This was a very good idea. I panted up the hill to the main road and turned right for Caol Ila. The maps in the hotel had suggested a track of sorts that lead off the carriageway to the distillery itself, up into the hills where the loch lay. I passed the stone cairn/sign for Caol Ila, enchanted by the hot, citrussy and eminently peaty smells of mash and wort blown to my quivering nostrils by the breeze in the Sound. I turned left through a bank of trees and found the capped well, under which flowed the process and water, piped from the invisible loch above me. My shoes may not have been at all appropriate, and the route may have been rather unnecessarily circuitous after I headed up the wrong hill first, and had to fight my way through barbed wire, thick mosses, bog and grass to regain the road, only to find that there was a well-worn quad bike track up to the infamous loch. Standing on the shore of the lapping, energetic waters, I felt more at peace. It helped that its situation, in a bowl in the hills looking out to Jura, deflected all wind so the only sound was the faintly luxuriant and very soothing ‘blop’ of wavelets breaking against the loose stones of the shore. I picked up one of these stones and slipped it into my pocket. That was my most solid and significant souvenir of the tour.

The long hot walk back, during which I watched a thick hairy caterpillar speedily cross the road, was rewarded by some battered chicken and more Iain Banks. Tomorrow I would be on my way again. Progress couldn’t come soon enough.

Wild and soft, remote and welcoming. My favourite malt's very core and DNA.

Wild and soft, remote and welcoming. My favourite malt's very core and DNA.

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May 29, 2010

Bowmore

 

A view of the distillery from the pier down from the Harbour Inn.

A view of the distillery from the pier down from the Harbour Inn.

School Street, Bowmore, Islay, Argyll, PA43 7GS, 01496 810441. Morrison Bowmore (Suntory). www.bowmore.com

Easily in the top ten best-smellers list.

Easily in the top ten best-smellers list.

APPEARANCE AND LOCATION:      *****      Facing directly onto the fast, low waves of Lochindaal, Bowmore is a gentle giant of a distillery. The obligatory black capitals announce its identity on the sea-facing warehouse wall, staring pointedly across the loch to Bruichladdich distillery. Bowmore blends the old with the new. Their cottages and tasting room are straight out of 5-star hotel luxury and well-appointedness. Bowmore village jostles confidently and familiarly around it, and boasts one of the worst road surfaces I came across on my travels.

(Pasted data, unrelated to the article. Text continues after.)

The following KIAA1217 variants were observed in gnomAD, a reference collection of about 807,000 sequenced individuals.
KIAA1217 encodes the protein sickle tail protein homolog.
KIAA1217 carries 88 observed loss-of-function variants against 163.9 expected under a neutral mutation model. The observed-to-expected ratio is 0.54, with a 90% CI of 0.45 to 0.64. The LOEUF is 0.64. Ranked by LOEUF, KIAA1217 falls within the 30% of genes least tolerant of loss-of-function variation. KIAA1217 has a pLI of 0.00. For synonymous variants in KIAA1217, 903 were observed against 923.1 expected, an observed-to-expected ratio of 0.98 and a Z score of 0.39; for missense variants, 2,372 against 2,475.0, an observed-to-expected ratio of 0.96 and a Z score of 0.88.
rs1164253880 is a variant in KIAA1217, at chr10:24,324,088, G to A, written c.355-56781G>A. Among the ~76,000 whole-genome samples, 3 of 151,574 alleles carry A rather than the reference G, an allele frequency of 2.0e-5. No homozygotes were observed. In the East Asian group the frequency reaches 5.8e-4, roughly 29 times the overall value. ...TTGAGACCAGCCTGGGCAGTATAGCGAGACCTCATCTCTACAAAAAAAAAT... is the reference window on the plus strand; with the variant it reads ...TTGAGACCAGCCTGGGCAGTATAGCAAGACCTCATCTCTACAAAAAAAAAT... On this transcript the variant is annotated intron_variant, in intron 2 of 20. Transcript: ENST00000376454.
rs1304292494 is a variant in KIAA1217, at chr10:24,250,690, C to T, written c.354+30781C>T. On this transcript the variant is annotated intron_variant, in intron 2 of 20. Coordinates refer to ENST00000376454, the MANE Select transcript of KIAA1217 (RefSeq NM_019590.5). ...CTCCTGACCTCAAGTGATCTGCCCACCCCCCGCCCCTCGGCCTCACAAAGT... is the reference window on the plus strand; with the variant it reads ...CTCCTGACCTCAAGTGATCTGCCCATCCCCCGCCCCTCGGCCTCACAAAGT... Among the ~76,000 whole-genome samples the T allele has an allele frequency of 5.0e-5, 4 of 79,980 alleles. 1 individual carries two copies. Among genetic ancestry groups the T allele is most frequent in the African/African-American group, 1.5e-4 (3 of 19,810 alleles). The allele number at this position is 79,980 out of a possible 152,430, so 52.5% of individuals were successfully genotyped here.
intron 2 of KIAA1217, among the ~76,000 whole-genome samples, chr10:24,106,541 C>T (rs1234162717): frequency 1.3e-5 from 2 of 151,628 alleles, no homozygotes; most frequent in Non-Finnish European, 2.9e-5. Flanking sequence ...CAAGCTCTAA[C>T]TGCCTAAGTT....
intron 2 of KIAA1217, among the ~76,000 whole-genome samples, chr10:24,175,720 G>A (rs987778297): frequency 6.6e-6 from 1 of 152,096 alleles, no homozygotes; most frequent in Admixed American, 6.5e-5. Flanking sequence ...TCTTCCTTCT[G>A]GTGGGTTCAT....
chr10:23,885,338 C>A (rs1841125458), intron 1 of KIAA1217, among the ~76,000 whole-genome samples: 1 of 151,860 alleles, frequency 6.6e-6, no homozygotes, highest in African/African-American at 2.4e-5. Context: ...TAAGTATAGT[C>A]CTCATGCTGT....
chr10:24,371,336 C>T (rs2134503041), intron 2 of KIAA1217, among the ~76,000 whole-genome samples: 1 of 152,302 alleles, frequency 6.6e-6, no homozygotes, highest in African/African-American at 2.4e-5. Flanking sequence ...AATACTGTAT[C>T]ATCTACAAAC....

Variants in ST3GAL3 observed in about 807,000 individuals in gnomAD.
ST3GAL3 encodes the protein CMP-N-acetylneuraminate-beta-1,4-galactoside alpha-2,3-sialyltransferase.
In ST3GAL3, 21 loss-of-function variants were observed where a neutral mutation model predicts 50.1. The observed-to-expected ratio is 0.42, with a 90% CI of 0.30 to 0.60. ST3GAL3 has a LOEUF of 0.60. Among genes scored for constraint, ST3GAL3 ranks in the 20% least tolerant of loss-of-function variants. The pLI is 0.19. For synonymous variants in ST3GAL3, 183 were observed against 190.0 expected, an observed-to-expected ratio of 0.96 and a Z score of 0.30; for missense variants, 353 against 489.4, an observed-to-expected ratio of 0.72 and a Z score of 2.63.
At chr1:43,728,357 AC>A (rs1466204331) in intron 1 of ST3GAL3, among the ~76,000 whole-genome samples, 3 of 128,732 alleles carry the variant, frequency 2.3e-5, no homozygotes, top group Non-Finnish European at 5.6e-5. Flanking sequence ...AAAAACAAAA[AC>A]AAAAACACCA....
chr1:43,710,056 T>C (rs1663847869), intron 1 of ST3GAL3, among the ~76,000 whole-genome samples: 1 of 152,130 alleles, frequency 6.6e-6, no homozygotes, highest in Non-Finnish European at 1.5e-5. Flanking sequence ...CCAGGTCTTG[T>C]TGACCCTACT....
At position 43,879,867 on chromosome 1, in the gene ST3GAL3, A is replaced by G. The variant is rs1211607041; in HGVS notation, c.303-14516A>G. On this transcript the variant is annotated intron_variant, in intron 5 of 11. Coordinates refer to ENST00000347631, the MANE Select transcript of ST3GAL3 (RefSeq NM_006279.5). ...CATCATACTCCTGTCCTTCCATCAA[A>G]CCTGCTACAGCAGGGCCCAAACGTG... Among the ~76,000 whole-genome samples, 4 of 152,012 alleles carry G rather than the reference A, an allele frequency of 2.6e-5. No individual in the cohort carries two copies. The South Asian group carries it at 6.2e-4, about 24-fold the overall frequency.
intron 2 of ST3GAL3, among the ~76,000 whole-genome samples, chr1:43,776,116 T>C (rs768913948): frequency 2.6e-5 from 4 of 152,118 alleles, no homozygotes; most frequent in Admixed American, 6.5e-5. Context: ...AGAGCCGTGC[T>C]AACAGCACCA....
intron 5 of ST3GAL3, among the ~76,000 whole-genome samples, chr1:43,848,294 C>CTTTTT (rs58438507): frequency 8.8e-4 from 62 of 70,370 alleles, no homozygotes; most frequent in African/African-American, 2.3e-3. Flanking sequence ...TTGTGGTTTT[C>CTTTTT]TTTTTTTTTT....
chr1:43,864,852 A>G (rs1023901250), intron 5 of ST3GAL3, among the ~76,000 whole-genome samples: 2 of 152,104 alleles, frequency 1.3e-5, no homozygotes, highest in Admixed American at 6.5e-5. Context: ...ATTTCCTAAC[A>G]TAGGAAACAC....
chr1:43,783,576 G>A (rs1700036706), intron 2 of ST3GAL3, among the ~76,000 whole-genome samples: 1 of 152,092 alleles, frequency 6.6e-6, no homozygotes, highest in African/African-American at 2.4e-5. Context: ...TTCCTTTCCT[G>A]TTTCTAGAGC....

TOURS PROVIDED:

‘Standard Tour’: £4. See ‘My Tour’ below.

‘Craftsman’s Tour’: £40. This in-depth viewing of the Bowmore distillery lasts two and a half hours during which you enter the warehouse (you don’t just stand behind glass) and dram samples straight from the cask. Once back in the tasting room, you can taste a selection of Bowmore expressions up to the 25YO.

DISTILLERY-EXCLUSIVE BOTTLINGS:      In a cabinet are some seriously old (see expensive) Bowmores, including the Trilogy of Black (£2350), White (£2600) and Gold (£3130) Bowmores. If these are a little beyond your means, fear not because you can find some equally rare stuff. Admittedly the Feis Ile bottlings don’t come anywhere close to the above trio of 44YOs, but there are less than 100 bottles of each: an 8YO from 2008 for £80 and a 9YO from 2009, 57.1% and £90. It is also possible to purchase the Travel Retail line from the distillery: Surf, 12yo Enigma, 15yo Mariner, 17yo and Cask Strength.

My Tour – 13/05/2010

THE RUNNING COMMENTARY:      **

THE PROCESS AND EQUIPMENT:      ***

Notes:      While I tied the bike up in the increasingly persistent rain (what is it about inclement weather whenever I visit distilleries in the Morrison Bowmore group?) the smell of richly peated malt was being blown about the buildings, damn near hypnotising me. Had Lochindaal been more forthcoming with its own legendary seaweedy aromas, I might just have stood there getting wet. They kiln the barley with peat for 15 hours. It isn’t done on a specific ppm specification, only time. It produces 40% of its requirements on its own malting floors. We were allowed into the warehouse that sits just below sea level. The temperature in there varies only between 2 and 5 degrees Centigrade annually. The Queen visited in the 1980s, and was gifted with her own cask. This she decided to have bottled at around 22 years of age. Some bottles were sold for charity, some went to the Royal Household and one sits in the tasting room for visitors to inspect.

The warehouses: a rare sight on Islay.

The warehouses: a rare sight on Islay.

The floor maltings: a rare sight on the whisky trail.

The floor maltings: a rare sight on the whisky trail.

 

 

GENEROSITY:       (1 dram)

VALUE FOR MONEY:      **

SCORE:      7/10 *s

COMMENT:      As my first Islay tour, it was a superb one. Despte the weather, and the fact that I had to wait for the 11AM tour (the 10AM one being full), I was shown a very good time around one of the most venerable of all malts. The Iain Banks quote from Raw Spirit that if you can’t find a Bowmore to enjoy, then malts probably aren’t for you, is one I wholly endorse, and I loved seeing how it was made. The whole place is kitted out beautifully. The lighting, not something you will hear prasied in many distilleries, picked out all of the wooden vessels and the gleam of the copper wonderfully. Back in the tasting room after a sense of the atmosphere in an islay dunnage warehouse, I elected to go out on to the balcony with my measure of 12YO. I wanted to sip my malt with the air of Lochindaal swaddling me. As I stood and moistened, thinking about returning inside for some water to cut my sample, I realised that the Islay rain was doing that job for me. This was such a pure malt moment, especially after the guide had said that the distillery was struggling with recent shortages of water. The lade that would normally have been gushing was only a trickle. As an aside, I had to buy some of the glasses that they served my dram in. They are beautiful.